April 2009
Volume 50, Issue 13
ARVO Annual Meeting Abstract  |   April 2009
Risk Factors for Elevated Intraocular Pressure After Pterygium Excision
Author Affiliations & Notes
  • J. T. Kuryan
    Ophthalmology, Montefiore Medical Center, Bronx, New York
  • J. Rosenberg
    Ophthalmology, Montefiore Medical Center, Bronx, New York
  • A. Madu
    Ophthalmology, Montefiore Medical Center, Bronx, New York
  • Footnotes
    Commercial Relationships  J.T. Kuryan, None; J. Rosenberg, None; A. Madu, None.
  • Footnotes
    Support  None.
Investigative Ophthalmology & Visual Science April 2009, Vol.50, 903. doi:
  • Views
  • Share
  • Tools
    • Alerts
      This feature is available to authenticated users only.
      Sign In or Create an Account ×
    • Get Citation

      J. T. Kuryan, J. Rosenberg, A. Madu; Risk Factors for Elevated Intraocular Pressure After Pterygium Excision. Invest. Ophthalmol. Vis. Sci. 2009;50(13):903.

      Download citation file:

      © ARVO (1962-2015); The Authors (2016-present)

  • Supplements

Purpose: : Patients undergoing pterygium surgery at our institution have demonstrated postoperative intraocular pressure (IOP) elevations at rates higher than previously published from steroid response alone. We aim to quantify numbers of patients with ocular hypertension (OHTN) and identify possible risk factors contributing to IOP elevation following routine pterygium excision at a large academic institution in Bronx, New York.

Methods: : Via retrospective chart review, we identified pterygium excisions performed by residents from April 2006 to October 2008. Patients were included if preoperative, intraoperative, and postoperative reports were available. For the 37 eyes of 36 patients identified, we reviewed IOP preoperatively and 1 day, 1 week, and 1 month postoperatively. Additional data extracted included cup-to-disc ratio, horizontal diameter of the pterygium, type of anesthetic block used, use of mitomycin-C (MMC), use of suture versus fibrin glue to secure the graft, use of a corneal burr, and type of steroid used postoperatively. Our primary endpoint was an increase in IOP greater than 5 mmHg from preoperative values or absolute IOP greater than 25 mmHg in the postoperative period. A paired t-test was used to compare preoperative and postoperative IOP. Fisher’s exact test was performed to assess for associations between possible risk factors and IOP rise.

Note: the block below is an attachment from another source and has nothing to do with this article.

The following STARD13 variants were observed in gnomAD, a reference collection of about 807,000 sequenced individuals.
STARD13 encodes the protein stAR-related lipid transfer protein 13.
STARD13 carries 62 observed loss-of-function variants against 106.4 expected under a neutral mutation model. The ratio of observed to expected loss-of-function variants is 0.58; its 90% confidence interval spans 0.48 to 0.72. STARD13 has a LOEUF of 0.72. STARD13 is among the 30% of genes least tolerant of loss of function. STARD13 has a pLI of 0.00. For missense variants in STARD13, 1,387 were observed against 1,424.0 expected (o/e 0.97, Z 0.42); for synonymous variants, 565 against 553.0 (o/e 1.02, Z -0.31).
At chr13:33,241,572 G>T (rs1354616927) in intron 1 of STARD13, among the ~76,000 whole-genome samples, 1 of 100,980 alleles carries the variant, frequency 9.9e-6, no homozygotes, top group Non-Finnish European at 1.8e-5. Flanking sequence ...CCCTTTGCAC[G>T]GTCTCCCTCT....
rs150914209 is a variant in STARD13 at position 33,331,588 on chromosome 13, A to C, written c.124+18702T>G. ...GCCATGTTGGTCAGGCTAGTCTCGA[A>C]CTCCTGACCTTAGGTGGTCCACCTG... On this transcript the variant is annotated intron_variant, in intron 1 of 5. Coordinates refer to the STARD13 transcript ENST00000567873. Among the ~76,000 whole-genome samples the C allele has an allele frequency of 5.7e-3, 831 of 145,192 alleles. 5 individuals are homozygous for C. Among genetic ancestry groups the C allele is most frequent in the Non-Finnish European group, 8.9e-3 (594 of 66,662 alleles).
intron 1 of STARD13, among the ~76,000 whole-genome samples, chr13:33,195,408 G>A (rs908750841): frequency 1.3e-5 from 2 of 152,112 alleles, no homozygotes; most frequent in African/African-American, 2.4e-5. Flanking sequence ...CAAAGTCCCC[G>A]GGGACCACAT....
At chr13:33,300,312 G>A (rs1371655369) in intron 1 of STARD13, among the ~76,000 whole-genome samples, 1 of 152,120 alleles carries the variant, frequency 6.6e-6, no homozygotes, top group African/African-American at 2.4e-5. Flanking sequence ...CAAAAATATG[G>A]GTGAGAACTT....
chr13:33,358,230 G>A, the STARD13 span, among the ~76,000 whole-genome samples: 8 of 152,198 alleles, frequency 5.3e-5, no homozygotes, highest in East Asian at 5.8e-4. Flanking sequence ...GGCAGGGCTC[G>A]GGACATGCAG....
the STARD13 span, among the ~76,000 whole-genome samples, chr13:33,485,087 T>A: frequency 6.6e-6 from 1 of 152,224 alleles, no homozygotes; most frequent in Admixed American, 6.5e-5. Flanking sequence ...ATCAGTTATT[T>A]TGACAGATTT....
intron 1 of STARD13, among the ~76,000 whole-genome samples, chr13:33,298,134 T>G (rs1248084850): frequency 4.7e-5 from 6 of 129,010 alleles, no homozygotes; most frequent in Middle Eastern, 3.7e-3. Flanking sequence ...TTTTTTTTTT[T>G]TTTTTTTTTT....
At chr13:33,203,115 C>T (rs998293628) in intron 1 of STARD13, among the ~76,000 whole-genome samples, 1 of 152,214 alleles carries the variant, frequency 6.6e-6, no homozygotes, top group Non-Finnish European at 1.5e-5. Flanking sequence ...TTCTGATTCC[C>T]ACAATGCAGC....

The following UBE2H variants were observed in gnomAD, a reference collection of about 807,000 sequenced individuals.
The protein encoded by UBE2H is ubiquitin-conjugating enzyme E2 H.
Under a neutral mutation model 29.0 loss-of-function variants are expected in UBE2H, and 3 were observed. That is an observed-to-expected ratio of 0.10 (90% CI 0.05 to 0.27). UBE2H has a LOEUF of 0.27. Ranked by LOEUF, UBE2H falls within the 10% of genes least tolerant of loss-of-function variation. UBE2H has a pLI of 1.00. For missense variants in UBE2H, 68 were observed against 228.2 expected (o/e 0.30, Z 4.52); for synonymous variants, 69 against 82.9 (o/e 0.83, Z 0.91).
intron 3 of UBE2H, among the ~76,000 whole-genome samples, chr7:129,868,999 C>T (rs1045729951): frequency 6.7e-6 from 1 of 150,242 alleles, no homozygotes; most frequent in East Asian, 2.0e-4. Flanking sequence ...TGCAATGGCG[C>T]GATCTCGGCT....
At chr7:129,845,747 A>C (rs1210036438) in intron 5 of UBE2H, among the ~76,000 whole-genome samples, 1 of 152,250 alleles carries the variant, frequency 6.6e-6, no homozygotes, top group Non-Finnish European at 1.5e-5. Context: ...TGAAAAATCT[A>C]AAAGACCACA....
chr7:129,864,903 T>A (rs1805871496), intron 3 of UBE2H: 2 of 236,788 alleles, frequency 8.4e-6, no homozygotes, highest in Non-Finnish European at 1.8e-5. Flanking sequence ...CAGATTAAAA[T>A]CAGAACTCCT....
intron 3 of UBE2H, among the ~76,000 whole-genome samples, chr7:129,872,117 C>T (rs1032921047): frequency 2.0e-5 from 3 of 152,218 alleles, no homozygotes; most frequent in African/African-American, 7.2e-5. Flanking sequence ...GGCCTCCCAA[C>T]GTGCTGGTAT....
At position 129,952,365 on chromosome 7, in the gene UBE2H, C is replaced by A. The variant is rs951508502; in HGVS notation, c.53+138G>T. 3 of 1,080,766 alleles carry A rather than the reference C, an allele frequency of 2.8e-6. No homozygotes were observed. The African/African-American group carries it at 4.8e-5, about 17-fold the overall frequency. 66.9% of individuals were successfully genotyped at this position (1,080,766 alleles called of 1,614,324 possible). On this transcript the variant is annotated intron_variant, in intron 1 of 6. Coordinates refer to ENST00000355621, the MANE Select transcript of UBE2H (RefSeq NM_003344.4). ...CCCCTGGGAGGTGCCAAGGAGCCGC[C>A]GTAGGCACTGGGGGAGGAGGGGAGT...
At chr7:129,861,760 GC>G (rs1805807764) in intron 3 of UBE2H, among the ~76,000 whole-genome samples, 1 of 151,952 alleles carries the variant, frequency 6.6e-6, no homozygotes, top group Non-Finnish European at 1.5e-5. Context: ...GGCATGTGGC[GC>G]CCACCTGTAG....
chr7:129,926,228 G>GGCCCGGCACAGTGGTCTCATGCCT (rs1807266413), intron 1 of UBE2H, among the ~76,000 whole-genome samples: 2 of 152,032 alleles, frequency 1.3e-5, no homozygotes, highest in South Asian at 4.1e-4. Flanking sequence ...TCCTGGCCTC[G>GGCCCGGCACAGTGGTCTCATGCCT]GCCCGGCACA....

Results: : Of 37 eyes, 11 (30%) demonstrated an elevated IOP during the postoperative period. Eight of 37 (22%) eyes had an IOP greater than 25 mmHg during the postoperative period. Seven of 37 (19%) eyes had an increase in IOP greater than 10 mmHg from preoperative values. Statistical analyses comparing preoperative mean IOP with postoperative values showed a statistically significant rise in IOP on postoperative day 1 (meanpreop= 14.91, meanpostop= 17.64, p=0.009), postoperative week 1 (meanpreop= 14.22, meanpostop=16.04, p = 0.002), and postoperative month 1 (meanpreop= 15.48, meanpostop= 18.56, p= 0.03). Patients in whom MMC was applied during the surgery had a trend toward lower rates of OHTN (5/23 vs. 7/14, p=0.15), but none of the factors studied were statistically significant.

Keywords: pterygium 

This PDF is available to Subscribers Only

Sign in or purchase a subscription to access this content. ×

You must be signed into an individual account to use this feature.